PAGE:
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Citizens Against Corruption

'Citizens Against Corruption: Report from the Front Line'

Johanna Martinsson's picture

Prepared by Partnership for Transparency Fund

Citizens Against Corruption: Report From The Front Line tells the story of how groups of courageous and dedicated citizens across the globe are taking direct action to root out corruption. Based on extensive practical experience through the work over more than a decade supported by The Partnership for Transparency Fund (PTF), this book shows how ordinary people are no longer prepared to accept the predatory activities of dishonest officials and are successfully challenging their scams.

Author Landell-Mills, co-founder and first president of PTF, states: “This book draws on over 200 case studies that describe impressive initiatives undertaken over the past decade by 130 civil society organizations (CSOs) in 53 countries which engage directly with public agencies to stop the bribery and extortion that damages peoples’ lives and obstructs social and economic progress.”

He adds, “This book challenges the notion that, at best, civil society can only have a marginal impact on reducing corruption. Quite the opposite; it argues that CSOs have demonstrated again and again that their impact can be game-changing.”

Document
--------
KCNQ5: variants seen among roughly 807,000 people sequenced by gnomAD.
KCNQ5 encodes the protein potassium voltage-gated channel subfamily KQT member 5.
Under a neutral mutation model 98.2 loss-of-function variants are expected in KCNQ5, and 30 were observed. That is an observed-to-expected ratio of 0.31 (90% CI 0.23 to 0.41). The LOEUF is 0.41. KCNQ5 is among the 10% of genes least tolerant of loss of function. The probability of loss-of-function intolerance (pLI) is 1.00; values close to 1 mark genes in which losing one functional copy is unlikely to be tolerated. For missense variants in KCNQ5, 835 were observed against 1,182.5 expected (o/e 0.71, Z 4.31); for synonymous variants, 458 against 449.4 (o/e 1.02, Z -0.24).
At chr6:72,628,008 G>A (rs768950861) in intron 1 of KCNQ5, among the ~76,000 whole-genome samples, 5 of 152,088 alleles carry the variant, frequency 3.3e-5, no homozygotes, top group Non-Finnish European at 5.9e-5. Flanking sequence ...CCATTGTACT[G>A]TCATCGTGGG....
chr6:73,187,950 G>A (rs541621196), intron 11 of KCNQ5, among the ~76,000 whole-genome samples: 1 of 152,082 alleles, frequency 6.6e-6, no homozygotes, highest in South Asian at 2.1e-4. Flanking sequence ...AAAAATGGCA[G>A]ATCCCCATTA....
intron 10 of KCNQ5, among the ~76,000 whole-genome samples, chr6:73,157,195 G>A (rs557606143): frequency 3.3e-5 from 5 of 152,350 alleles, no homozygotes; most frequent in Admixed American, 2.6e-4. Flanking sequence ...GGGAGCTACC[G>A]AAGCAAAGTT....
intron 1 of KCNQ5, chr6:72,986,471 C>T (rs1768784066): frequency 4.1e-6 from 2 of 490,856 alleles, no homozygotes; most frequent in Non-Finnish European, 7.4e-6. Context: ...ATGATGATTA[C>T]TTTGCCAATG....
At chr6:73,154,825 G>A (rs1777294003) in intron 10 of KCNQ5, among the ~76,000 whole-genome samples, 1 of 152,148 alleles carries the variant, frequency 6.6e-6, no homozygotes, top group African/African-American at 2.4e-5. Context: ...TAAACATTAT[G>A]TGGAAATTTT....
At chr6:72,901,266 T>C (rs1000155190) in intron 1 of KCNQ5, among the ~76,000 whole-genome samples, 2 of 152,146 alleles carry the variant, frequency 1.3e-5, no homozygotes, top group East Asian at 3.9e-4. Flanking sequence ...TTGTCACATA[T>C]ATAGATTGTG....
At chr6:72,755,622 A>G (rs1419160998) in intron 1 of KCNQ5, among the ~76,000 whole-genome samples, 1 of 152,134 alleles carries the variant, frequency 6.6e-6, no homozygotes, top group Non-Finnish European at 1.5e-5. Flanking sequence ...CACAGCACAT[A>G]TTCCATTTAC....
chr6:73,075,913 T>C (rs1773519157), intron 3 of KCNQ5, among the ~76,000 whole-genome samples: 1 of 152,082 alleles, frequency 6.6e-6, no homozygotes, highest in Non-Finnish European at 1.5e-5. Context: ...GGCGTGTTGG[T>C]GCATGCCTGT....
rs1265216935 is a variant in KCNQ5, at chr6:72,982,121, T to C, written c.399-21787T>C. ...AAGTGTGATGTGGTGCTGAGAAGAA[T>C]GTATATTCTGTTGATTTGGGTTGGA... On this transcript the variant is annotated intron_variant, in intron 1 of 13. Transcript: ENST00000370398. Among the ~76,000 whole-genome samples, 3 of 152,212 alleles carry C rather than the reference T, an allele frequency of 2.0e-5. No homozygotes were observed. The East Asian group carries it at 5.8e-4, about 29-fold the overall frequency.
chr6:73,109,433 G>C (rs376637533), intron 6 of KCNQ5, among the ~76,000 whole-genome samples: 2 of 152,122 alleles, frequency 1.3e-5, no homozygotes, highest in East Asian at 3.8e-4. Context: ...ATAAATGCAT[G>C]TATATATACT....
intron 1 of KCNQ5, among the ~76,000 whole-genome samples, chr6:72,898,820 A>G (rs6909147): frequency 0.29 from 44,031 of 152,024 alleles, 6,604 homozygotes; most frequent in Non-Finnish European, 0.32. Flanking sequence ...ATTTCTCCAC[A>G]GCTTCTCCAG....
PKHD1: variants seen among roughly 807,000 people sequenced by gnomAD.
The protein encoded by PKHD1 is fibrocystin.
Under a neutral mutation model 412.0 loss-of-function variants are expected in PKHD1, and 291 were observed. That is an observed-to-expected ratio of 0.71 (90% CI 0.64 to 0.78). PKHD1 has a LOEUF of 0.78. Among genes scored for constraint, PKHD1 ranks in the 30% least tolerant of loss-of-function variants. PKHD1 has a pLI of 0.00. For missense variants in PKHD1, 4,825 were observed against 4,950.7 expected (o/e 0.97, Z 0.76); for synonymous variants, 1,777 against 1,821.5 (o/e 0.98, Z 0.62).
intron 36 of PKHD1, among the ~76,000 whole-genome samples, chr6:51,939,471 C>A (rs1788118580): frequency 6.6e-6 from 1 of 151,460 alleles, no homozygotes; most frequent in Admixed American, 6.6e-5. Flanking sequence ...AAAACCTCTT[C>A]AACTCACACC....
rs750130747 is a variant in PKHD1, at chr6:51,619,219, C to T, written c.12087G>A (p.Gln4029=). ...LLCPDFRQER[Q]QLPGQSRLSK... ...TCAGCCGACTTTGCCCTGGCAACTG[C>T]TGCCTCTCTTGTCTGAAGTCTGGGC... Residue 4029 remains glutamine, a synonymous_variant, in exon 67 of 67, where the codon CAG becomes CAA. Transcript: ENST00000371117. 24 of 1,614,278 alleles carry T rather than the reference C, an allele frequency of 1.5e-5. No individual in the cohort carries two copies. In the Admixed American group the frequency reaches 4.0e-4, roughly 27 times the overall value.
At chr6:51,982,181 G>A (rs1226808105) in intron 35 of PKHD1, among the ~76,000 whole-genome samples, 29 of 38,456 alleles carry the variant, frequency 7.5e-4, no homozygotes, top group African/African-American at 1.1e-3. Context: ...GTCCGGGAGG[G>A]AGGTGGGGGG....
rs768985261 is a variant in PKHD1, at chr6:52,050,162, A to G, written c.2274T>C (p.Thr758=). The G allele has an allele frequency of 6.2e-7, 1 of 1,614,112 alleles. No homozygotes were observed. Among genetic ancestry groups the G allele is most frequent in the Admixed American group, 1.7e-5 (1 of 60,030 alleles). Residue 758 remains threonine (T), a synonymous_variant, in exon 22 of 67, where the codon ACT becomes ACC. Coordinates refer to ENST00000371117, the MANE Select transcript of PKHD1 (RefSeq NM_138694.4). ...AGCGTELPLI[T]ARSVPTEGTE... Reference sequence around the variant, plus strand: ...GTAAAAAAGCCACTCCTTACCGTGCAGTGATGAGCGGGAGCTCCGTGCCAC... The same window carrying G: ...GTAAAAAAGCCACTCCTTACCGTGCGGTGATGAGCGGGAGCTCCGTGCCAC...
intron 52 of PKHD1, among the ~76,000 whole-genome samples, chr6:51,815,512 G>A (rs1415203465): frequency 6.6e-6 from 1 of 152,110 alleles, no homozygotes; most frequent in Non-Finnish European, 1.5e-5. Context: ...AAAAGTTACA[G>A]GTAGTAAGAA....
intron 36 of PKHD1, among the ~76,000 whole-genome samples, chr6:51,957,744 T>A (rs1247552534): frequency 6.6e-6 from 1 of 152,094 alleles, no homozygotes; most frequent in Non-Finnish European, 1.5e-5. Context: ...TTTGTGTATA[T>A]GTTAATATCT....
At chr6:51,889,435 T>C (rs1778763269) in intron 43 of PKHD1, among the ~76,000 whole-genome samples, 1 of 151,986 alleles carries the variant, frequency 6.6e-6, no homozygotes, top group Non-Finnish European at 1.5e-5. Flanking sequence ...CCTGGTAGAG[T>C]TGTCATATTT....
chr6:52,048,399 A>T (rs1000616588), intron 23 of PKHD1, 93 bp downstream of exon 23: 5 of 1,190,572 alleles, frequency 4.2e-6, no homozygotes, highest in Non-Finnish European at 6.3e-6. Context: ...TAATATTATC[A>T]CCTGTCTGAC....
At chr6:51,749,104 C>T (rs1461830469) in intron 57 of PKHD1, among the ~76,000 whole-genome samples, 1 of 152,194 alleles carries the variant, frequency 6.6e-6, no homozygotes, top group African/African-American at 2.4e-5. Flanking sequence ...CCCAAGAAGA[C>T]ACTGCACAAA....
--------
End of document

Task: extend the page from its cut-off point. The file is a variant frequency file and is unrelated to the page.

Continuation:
Examples from some of the poorest countries in the world show how a single CSO initiative can save several million dollars. Several million such initiatives can transform the way government does business, making public agencies accountable to those they serve.  The message is clear: aid donors need to radically rethink their assistance for governance reform, tilting it dramatically in favour of supporting CSOs.

It’s Our Money

Sabina Panth's picture

It has been argued that corruption cases are focused mostly on the offenders and retribution is calculated on material value. This leaves out the victims of corruption and the collective damage done to the society at large, especially when the malfeasance involves the misappropriation of public money.  The concept of ‘social damage’ is an emerging concept in the anti-corruption movement, which seeks to identify, quantify, and repair the impact and consequences of corruption on ordinary citizens.  It posits that citizens, as taxpayers, are entitled to a legal claim on public money and how it is spent because “every dollar lost in corruption is a dollar stolen from spending in education, social services, poverty reduction and job creation (Its Our Money)”.

Bantay Kurapsyon

Sabina Panth's picture

“Research on political participation has identified a number of deep-seated norms and values that are positively associated with the amount and quality of democratic engagement,” explains Delli Carpini, in the Handbook of Political Communication Research.  “One of the most central of these,” as Carpini points out, “is political efficacy, or the sense that one’s participation can actually make a difference (internal efficacy) and that the political system would be responsive to this participation (external efficacy).”  As I read this quote, I am reminded of a case in point that perfectly illustrates this theoretical concept.